Publisher: Angry Robot
Released: August 2021
Life goes on for the billions left behind after the humanity-saving colony mission to Proxima Centauri leaves Earth orbit … but what’s the point?
From the publisher:
Julie Riley is two years too young to get out from under her mother’s thumb, and what does it matter? She’s over-educated, under-employed, and kept mostly numb by her pharma emplant. Her best friend, who she’s mostly been interacting with via virtual reality for the past decade, is part of the colony mission to Proxima Centauri. Plus, the world is coming to an end. So, there’s that.
When Julie’s mother decides it’s time to let go of the family home in a failing suburb and move to the city to be closer to work and her new beau, Julie decides to take matters into her own hands. She runs, illegally, hoping to find and hide with the Volksgeist, a loose-knit culture of tramps, hoboes, senior citizens, artists, and never-do-wells who have elected to ride out the end of the world in their campers and converted vans, constantly on the move over the back roads of America.
My favorite publisher, Angry Robot, has put out another extraordinary book. This is by far one of the easiest 5 stars I’ve ever given. Twenty-Five to Life grabbed me from the first page and I had to make a conscious effort to not stay up all night reading it. Otherwise, I would have finished the book in one go and it was so damn good I wanted to savor it a bit.
Twenty-Five to Life is like Ready Player One meets On the Road. At times it felt a little Grapes of Wrath-ey, too. Except to compare this book with any others really doesn’t do it justice- it’s a powerful and unique story completely unto itself. The characters are ones I would want to be friends with and the worldbuilding was top-notch.
The core of this tale was definitely its well-rounded and dynamic characters, but what really took my breath away was the near-future setting. It was just… so frighteningly realistic. It’s set about 70 years in the future, past the point of no return for the environment. It didn’t matter how many protesters in Greta Thunberg braids there were, humans kept barreling right on into self-destruction. Generation ships have now abandoned the dying Earth in the vague hope of settling somewhere new and the 10 billion people left behind have to find a way to survive in a world that’s gone to hell.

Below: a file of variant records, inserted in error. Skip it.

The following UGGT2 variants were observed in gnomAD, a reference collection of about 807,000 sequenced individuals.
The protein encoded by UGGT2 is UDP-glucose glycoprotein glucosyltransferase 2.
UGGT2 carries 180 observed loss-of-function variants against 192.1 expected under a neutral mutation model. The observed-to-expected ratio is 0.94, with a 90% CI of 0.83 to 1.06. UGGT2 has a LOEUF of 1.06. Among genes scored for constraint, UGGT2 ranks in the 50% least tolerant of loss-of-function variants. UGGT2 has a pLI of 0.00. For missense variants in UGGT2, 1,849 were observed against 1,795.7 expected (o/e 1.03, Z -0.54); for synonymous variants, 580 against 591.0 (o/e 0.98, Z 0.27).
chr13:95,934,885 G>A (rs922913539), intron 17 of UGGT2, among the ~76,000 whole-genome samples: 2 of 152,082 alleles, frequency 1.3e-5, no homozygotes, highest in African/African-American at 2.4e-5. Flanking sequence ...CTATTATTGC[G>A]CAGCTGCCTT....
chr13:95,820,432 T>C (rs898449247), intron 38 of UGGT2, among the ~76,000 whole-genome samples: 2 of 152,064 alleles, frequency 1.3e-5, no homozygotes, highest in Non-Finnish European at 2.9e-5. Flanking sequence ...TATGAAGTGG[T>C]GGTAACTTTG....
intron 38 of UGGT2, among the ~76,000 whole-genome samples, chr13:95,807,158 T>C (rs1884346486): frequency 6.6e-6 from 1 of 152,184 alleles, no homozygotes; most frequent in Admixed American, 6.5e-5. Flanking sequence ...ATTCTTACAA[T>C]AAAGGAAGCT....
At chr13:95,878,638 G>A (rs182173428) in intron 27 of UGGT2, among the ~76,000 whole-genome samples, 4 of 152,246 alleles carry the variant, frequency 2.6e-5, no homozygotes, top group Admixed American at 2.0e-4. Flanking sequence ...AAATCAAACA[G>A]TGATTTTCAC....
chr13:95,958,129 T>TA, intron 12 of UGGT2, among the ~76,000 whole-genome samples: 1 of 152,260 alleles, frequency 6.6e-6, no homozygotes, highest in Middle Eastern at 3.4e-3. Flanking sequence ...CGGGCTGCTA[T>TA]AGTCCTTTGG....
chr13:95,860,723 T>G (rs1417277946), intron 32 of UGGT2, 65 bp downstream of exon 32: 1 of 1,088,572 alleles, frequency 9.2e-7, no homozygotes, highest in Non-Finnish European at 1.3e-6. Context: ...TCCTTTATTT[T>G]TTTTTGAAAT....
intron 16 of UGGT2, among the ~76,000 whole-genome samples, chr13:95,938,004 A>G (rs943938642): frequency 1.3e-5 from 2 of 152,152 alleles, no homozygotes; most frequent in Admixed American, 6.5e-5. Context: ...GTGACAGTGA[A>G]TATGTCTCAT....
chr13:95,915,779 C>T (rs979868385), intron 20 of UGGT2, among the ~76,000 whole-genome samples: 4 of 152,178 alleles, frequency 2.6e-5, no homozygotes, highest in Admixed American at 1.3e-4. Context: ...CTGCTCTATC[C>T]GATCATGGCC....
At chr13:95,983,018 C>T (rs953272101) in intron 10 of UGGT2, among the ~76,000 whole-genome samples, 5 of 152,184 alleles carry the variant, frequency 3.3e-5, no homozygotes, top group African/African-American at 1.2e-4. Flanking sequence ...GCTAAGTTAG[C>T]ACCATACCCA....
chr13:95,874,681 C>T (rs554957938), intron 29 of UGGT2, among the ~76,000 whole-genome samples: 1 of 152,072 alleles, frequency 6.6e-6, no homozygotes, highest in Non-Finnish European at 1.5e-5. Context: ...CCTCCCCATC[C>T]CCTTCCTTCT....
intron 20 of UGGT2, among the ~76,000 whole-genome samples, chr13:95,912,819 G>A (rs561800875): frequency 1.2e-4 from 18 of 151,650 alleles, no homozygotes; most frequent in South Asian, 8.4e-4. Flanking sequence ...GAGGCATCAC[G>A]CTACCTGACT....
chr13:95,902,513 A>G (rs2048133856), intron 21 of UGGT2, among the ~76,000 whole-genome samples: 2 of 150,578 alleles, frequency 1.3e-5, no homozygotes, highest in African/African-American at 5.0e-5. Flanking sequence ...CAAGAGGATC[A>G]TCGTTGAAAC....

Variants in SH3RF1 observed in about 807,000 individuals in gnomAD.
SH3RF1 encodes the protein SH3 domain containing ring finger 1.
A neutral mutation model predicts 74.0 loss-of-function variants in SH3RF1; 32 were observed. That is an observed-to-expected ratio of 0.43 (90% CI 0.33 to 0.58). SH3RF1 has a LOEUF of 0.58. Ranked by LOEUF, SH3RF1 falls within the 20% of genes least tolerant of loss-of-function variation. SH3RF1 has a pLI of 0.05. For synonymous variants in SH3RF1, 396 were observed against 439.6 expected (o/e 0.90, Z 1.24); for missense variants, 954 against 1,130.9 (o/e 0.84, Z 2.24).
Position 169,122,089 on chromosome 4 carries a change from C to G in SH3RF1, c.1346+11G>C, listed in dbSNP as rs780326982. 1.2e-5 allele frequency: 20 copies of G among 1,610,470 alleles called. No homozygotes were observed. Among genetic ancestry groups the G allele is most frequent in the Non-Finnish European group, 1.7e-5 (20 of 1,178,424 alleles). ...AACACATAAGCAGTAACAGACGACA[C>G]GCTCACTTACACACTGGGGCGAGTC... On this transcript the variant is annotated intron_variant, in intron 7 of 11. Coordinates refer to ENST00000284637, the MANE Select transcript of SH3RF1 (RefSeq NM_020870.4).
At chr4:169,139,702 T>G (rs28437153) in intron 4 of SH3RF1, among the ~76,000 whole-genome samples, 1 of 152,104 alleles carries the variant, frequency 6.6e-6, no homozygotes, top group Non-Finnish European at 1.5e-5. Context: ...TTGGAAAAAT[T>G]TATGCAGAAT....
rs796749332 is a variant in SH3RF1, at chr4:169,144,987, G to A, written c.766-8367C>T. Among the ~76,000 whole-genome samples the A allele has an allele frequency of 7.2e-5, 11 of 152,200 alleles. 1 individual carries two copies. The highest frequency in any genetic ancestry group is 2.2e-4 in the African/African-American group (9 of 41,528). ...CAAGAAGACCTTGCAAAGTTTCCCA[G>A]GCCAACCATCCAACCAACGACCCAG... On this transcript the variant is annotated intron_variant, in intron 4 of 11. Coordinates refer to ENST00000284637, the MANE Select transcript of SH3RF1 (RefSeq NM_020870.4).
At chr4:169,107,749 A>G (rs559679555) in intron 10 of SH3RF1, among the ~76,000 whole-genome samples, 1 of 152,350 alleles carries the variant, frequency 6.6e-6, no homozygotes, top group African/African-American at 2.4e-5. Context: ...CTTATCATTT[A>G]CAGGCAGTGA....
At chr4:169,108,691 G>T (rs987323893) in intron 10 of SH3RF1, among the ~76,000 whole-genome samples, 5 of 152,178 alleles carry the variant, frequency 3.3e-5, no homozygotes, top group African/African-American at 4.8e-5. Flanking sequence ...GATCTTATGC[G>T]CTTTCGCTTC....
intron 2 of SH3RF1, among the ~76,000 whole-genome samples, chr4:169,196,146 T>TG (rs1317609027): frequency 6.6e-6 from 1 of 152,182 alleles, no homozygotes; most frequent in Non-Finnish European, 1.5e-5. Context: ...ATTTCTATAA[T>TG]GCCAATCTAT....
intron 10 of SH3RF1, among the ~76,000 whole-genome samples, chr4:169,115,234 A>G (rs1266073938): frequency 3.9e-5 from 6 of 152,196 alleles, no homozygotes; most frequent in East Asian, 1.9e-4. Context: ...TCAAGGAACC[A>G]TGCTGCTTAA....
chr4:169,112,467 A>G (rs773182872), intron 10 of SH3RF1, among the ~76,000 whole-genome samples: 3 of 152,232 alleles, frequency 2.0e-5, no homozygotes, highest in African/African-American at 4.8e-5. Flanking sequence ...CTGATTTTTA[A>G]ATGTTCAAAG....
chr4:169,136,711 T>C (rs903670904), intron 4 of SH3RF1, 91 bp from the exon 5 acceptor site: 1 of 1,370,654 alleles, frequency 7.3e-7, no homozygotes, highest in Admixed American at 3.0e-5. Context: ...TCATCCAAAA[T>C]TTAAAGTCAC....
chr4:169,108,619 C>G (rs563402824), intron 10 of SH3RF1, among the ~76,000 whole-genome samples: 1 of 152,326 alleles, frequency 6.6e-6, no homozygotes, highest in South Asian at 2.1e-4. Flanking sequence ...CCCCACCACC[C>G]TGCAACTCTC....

It’s a surprisingly recognizable world, despite the fact a large chunk of it is missing and some parts belong to different countries. Covid is still a thing, although we’re on the Covid-90 strain at this point and introductions often start with “Are you vaxxed?” Half of the US has been sold to China to pay off American debts and to give displaced Chinese somewhere to live. Water is scarce, meat is a thing of the past, and there aren’t enough jobs to go around. Oh, and Texas has gone full right-wing extremist and seceded, with their Proud Boys still being Proud Boys.
To cope and survive, most Americans spend their lives in a room the size of a one car garage, wasting away hooked up to a virtual world. While part of me would want to take that blue pill, our main character Julie rages against the machine and dry swallows a handful of red pills. Even though she is underage and has no idea how to survive on her own, she decides to run away and become a part of a growing number of Americans who roam the US “tramping” till the end of the world.
Along the way she learns she is much more than she thought she was and meets an incredible cast of characters. Her eventual mentor and partner, Ranger, is luckily someone she teams up with early. Ranger navigates her through a world that has people and dangers of every kind, but you soon learn that together these women can handle just about anything. If I had to face the end of the world with anyone, it would be these two.
Honestly, there’s nothing I can say that can truly tell you how absolutely amazing Twenty-Five to Life is. It’s by far one of the best books I’ve read this year/century and I’m eternally grateful to the author and Angry Robot for giving me a chance to read it.
GO FREAKING BUY IT. You won’t regret it.
Given how the last couple of years have gone, I was a little dubious about reading a post-apocalyptic book in a (somewhat) post-covid world, but if this is how they’re going to be written, the genre is still going to be strong. Endearing, harrowing, and realistic, Twenty-Five to Life is a stunning book that I will be screaming about from the rooftops for years to come.
1 thought on “Blog Tour: Twenty-Five to Life by R.W.W. Greene”
Thanks so much for taking the time to read, write, and take part in the tour. I’m really happy you liked the book!